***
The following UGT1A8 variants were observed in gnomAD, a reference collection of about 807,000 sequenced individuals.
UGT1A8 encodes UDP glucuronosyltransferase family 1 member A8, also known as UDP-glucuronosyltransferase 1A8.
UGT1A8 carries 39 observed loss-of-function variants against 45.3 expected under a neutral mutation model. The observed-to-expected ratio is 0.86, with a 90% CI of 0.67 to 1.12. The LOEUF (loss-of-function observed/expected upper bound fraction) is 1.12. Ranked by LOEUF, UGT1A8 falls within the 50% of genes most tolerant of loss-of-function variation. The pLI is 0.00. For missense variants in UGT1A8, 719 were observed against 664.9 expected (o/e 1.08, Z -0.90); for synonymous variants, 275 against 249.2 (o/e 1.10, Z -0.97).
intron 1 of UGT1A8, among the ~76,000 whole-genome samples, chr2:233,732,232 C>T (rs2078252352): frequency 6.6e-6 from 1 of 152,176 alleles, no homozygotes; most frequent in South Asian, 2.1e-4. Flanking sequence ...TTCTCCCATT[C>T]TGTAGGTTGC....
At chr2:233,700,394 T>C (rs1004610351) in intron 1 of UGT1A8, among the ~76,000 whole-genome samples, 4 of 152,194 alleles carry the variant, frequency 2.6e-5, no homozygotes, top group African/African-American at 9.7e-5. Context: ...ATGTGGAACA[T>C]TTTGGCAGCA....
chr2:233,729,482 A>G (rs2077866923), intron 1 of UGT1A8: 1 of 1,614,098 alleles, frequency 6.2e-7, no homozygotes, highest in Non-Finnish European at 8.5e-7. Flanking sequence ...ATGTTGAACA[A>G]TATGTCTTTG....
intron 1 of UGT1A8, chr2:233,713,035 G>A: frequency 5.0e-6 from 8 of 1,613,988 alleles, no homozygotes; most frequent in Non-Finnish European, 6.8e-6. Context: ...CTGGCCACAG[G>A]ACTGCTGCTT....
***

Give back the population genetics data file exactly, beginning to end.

The following UGT1A8 variants were observed in gnomAD, a reference collection of about 807,000 sequenced individuals.
UGT1A8 encodes UDP glucuronosyltransferase family 1 member A8, also known as UDP-glucuronosyltransferase 1A8.
UGT1A8 carries 39 observed loss-of-function variants against 45.3 expected under a neutral mutation model. The observed-to-expected ratio is 0.86, with a 90% CI of 0.67 to 1.12. The LOEUF (loss-of-function observed/expected upper bound fraction) is 1.12. Ranked by LOEUF, UGT1A8 falls within the 50% of genes most tolerant of loss-of-function variation. The pLI is 0.00. For missense variants in UGT1A8, 719 were observed against 664.9 expected (o/e 1.08, Z -0.90); for synonymous variants, 275 against 249.2 (o/e 1.10, Z -0.97).
intron 1 of UGT1A8, among the ~76,000 whole-genome samples, chr2:233,732,232 C>T (rs2078252352): frequency 6.6e-6 from 1 of 152,176 alleles, no homozygotes; most frequent in South Asian, 2.1e-4. Flanking sequence ...TTCTCCCATT[C>T]TGTAGGTTGC....
At chr2:233,700,394 T>C (rs1004610351) in intron 1 of UGT1A8, among the ~76,000 whole-genome samples, 4 of 152,194 alleles carry the variant, frequency 2.6e-5, no homozygotes, top group African/African-American at 9.7e-5. Context: ...ATGTGGAACA[T>C]TTTGGCAGCA....
chr2:233,729,482 A>G (rs2077866923), intron 1 of UGT1A8: 1 of 1,614,098 alleles, frequency 6.2e-7, no homozygotes, highest in Non-Finnish European at 8.5e-7. Flanking sequence ...ATGTTGAACA[A>G]TATGTCTTTG....
intron 1 of UGT1A8, chr2:233,713,035 G>A: frequency 5.0e-6 from 8 of 1,613,988 alleles, no homozygotes; most frequent in Non-Finnish European, 6.8e-6. Context: ...CTGGCCACAG[G>A]ACTGCTGCTT....